WHICH Credit Score Matters?
You’ve heard of the Big 3 credit bureaus: TransUnion, Experian, and Equifax. Among other things, these companies collect consumer data that creditors consider relevant to the creditworthiness of loan and credit card applicants. The credit bureaus produce credit reports, which lenders can use to judge whether to extend credit to people like you and me. But because lenders are inherently lazy like most of us and don’t want to pay people to interpret credit reports, they often rely on a credit score in making lending decisions. But here’s the question: Which credit score do creditors most often use, and why should you care? We’ll get to that in a minute, but first a bit of background.
Credit Score Bonanza
Credit bureaus and other players have expended a lot of marketing energy whipping consumers into a senseless frenzy about the level of their credit scores. Their strategy: Create a new revenue stream by fomenting consumer obsession with credit scores, then create our own credit score and sell it to those same consumers who now, thanks to our marketing team, think that only hillbillies and Trump voters don’t know their credit score. Some companies now will trade their own credit score for your personal info instead of for cash. Hey, no harm in having your Social Security Number, address, and other personal information floating around in a lot of totally hack-proof corporate databases, right? Cause, you know, these companies know how to protect their systems from hackers. Just like Yahoo. And Target. And eBay. And LinkedIn. And… you get the picture.
(As I’ve written here before, I don’t know now and have never known my credit score. Why? Because I can’t figure out how merely knowing my score will help me improve it or otherwise benefit me. Instead I devote my energy to understanding what I can do to optimize my credit score. Using that knowledge in my day-to-day life will make my score as high as it can be—whatever it is!)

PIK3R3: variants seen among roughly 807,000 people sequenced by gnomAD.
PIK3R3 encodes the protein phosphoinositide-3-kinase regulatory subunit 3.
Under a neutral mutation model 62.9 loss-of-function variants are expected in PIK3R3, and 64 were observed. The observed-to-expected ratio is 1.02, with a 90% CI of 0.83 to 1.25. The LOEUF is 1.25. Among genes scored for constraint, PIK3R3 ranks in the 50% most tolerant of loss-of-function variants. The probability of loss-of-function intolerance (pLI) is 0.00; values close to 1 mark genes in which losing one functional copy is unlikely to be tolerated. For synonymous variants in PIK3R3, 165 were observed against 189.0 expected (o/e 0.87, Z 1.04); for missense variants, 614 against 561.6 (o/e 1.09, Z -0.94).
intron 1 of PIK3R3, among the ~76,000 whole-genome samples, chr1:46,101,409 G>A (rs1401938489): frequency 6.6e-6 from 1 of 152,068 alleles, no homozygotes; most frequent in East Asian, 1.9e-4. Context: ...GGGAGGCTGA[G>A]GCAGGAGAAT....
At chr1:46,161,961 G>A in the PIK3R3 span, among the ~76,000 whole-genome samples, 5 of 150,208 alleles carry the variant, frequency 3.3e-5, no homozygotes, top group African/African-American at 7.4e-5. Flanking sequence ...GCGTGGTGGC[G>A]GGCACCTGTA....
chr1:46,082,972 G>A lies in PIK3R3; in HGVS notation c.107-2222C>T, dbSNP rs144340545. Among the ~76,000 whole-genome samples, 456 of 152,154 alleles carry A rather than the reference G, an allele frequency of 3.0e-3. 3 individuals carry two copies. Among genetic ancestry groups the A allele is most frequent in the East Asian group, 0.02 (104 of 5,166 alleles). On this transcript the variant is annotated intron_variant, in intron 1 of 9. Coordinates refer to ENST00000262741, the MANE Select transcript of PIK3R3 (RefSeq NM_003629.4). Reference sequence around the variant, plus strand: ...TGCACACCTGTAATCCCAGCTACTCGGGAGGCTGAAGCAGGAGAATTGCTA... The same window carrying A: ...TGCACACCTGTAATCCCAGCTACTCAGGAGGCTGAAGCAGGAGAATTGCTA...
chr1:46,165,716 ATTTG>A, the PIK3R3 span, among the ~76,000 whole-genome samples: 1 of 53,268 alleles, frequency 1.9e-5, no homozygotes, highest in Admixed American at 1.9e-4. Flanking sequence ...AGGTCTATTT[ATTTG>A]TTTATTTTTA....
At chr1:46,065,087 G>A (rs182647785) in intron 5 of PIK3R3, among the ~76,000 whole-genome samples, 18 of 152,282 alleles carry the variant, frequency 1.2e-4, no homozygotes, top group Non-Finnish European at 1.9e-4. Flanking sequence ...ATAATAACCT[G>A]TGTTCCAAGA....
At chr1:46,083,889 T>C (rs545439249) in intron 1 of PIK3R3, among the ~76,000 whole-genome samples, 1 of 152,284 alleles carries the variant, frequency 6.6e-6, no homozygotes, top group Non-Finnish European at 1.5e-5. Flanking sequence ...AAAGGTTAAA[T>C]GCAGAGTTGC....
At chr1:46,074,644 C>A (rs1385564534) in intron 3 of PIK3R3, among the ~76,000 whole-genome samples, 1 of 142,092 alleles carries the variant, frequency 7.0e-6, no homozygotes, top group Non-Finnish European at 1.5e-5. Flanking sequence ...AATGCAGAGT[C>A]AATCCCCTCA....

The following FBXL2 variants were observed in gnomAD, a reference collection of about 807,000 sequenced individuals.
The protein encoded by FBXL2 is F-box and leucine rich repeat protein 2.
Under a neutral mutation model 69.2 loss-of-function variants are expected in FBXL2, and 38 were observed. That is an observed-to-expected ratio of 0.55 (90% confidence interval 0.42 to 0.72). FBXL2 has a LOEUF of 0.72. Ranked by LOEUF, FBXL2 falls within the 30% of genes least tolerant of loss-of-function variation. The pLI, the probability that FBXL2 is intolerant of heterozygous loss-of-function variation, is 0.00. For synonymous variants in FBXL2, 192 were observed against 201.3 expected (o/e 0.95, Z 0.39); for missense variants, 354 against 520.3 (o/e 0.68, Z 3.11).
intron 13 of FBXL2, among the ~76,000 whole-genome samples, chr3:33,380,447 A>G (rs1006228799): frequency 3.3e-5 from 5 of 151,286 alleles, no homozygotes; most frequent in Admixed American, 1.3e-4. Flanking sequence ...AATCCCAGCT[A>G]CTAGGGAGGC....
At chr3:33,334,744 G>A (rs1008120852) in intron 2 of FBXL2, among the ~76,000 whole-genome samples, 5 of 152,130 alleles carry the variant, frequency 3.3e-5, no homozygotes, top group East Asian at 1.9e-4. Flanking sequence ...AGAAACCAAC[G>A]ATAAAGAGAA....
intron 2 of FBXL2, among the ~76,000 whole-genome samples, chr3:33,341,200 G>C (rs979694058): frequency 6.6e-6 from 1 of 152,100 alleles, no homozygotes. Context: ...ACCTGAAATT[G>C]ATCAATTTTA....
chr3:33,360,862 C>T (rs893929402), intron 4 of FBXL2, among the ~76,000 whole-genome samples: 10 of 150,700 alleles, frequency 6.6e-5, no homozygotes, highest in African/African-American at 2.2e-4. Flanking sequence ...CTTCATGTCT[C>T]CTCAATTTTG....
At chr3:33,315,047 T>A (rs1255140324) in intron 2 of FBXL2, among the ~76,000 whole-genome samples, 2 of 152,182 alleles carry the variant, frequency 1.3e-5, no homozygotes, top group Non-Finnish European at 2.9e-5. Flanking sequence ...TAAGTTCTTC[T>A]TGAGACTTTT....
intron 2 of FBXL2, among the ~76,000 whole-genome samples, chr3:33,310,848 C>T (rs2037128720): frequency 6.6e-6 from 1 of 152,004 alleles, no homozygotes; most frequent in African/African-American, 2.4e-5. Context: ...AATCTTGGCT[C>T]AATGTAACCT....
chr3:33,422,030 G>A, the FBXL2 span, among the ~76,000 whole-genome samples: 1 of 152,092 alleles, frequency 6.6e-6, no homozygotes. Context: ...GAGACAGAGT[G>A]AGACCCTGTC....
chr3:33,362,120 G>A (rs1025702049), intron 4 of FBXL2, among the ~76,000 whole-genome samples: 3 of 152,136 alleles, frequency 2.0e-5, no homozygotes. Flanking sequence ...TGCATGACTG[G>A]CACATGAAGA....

Credit Scores Are Not All Created Equal
But here’s the thing: Creditors use only a few “makes” of credit score. Just because Company A invents a credit score and markets it to consumers doesn’t mean lenders give a hoot or pay any attention to Company A’s credit score. And if lenders don’t use Company A’s score, of what value is it? That’s right: ZERO.
Something about fat cat credit reporting agency Experian getting fined may recently have crossed your radar. Turns out Experian had been falsely telling consumers from at least 2012 through 2014 that lenders used its PLUS [credit] Score. Not only were lenders not using PLUS, Experian’s score could differ significantly from the score the lenders were using. That means consumers could not rely on PLUS to judge the likelihood of obtaining credit, which pretty much makes PLUS worthless. The Consumer Financial Protection Bureau has fined Experian $3 million for deceiving consumers.
What’s the Most Popular Credit Score with Creditors?
By far, without a close second, the granddaddy of all credit scores—the FICO score—invented by the Fair Isaac Corporation is the most popular with lenders. According to its corporate owner, “90% of top U.S. lenders use FICO® Scores when making lending decisions.” (There’s more than one type of FICO score.)
Can you buy or get for free your FICO score? Yes—but please don’t. According to Consumer Reports, the FICO score that Fair Isaac sells directly to consumers for $20 a pop is not the same FICO score that it sells to creditors. Fair Isaac sells nearly fifty different FICO scores to lenders and only two to consumers.
The credit score bottom line: Spend your energy learning and incorporating into your life behaviors that will optimize your credit score. Spend no energy (or money!) tracking your actual credit score number.